Inductive Synthesis of Functional Programs: An Explanation Based Generalization Approach

Inductive Synthesis of Functional Programs: An Explanation Based Generalization Approach
Emanuel Kitzelmann, Ute Schmid; JMLR Volume 7(Feb), 2006.

We describe an approach to the inductive synthesis of recursive equations from input/output-examples which is based on the classical two-step approach to induction of functional Lisp programs of Summers (1977). In a first step, I/O-examples are rewritten to traces which explain the outputs given the respective inputs based on a datatype theory. These traces can be integrated into one conditional expression which represents a non-recursive program. In a second step, this initial program term is generalized into recursive equations by searching for syntactical regularities in the term. Our approach extends the classical work in several aspects. The most important extensions are that we are able to induce a set of recursive equations in one synthesizing step, the equations may contain more than one recursive call, and additionally needed parameters are automatically introduced.

Is this the future of programming?

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I can't make up my mind

I need to read this in more detail (it's late, and I'm working on a talk, so no time right now) but it looks like an interesting development in automatic programming, something which we have discussed from time to time. The idea of providing a few examples and having the system infer a program is awesome. At the same time this stuff seems kinda crazy to me -- I just can't see it ever scaling to interesting program. I really can't make up my mind.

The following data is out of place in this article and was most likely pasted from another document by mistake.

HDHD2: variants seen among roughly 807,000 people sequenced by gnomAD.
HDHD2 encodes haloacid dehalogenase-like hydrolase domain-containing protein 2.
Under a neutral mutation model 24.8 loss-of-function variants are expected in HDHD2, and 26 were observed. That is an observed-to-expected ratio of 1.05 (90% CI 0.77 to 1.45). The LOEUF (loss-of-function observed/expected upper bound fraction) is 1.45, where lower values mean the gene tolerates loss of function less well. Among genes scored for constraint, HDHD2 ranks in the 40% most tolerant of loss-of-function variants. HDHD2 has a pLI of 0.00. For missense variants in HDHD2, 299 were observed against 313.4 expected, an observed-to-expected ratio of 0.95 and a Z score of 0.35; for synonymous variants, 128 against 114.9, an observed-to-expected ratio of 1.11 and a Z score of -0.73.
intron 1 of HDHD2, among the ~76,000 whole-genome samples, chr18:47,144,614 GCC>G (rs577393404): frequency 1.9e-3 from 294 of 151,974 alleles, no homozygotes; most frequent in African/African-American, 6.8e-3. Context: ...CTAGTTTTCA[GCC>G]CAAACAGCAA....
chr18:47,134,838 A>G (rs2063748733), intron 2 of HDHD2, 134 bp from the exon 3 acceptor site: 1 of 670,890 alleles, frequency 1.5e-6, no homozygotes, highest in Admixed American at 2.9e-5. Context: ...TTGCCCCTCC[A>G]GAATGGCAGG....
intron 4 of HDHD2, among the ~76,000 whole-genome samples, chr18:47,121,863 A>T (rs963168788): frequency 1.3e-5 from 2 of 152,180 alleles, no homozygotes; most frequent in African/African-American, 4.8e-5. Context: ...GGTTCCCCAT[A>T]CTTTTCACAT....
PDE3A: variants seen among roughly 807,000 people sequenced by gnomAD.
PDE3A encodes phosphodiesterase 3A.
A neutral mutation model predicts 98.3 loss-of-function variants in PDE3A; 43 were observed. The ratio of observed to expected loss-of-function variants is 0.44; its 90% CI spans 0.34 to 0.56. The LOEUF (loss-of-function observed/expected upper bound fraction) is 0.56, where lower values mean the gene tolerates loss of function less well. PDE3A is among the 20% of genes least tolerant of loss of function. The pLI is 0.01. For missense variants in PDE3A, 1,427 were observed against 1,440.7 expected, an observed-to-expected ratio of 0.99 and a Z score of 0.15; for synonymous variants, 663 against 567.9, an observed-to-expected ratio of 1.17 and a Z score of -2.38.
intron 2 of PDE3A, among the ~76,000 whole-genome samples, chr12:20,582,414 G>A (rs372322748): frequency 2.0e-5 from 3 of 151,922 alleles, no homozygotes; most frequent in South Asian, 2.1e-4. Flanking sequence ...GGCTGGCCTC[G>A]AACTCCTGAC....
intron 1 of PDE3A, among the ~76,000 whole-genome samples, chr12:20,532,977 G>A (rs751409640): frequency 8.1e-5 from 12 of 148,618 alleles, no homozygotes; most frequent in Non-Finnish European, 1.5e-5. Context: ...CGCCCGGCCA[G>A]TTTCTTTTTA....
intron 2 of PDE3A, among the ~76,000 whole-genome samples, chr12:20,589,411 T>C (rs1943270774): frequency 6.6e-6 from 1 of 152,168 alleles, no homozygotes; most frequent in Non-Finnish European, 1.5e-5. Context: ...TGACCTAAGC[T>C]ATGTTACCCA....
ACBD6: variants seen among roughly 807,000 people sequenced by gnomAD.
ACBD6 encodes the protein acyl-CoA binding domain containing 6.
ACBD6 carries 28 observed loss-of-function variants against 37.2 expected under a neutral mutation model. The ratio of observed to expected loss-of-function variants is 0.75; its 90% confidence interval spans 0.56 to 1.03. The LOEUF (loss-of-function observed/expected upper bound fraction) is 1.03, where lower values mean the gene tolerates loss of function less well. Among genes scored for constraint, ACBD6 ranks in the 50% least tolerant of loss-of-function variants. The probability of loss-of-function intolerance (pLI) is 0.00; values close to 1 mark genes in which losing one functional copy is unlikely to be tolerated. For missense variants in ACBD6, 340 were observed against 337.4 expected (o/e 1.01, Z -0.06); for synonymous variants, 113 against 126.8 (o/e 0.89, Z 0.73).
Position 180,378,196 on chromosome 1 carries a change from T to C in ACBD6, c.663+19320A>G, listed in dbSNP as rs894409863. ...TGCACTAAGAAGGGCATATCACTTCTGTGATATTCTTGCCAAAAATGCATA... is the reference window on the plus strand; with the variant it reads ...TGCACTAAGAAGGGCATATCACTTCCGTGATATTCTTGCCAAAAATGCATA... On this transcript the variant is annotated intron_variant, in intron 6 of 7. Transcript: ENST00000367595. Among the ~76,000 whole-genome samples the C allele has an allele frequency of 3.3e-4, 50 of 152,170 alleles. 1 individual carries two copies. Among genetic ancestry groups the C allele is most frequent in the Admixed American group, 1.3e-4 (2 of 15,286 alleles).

It might be interesting to

It might be interesting to compare/contrast this with the techniques used to derive programs from specifications.

Connections with ILP

It's interesting to see explanation-based learning (EBL) back from it hiatus but, after a cursory read of the paper, I think they may have missed some connections with similar work in the inductive logic programming (ILP) literature. In particular, I would be interested in understand the connection between their approach and Shapiro's Algorithmic program diagnosis as well as Muggleton's Progol.

In the former, (recursive) logic programs are refined by finding a sequence of resolution steps that lead to proof of a negative example (I/O pair). A faulty clause in that proof sequence is identified and replaced by its refinements. To me, this seems similar to generalising from program traces. Similarly, the "saturation" of a positive example in Progol finds the most specialised clause that is consistent with the example which feels to me like a kind of program trace.

I can't find a reference right now but this stuff also reminds me of John Lloyd's work on inducing functional programs from examples in the language Escher.

The authors have a pretty good summary of related ILP techniques towards the end of the paper so it strikes me as strange that they would miss these, especially given that they cite the comprehensive survey by Flener and Yilmaz. That said, I didn't know of the 1977 of Summer's that they build upon. Perhaps I need to spend some more time reading their proposal.

It's an interesting area but an incredibly difficult problem to solve. The space of programs that satisfy a finite set of input/output pairs is very complex. Without an extremely strong search bias I can't see these methods working on anything but small problems.

Shapiro's Algorithmic Program Diagnosis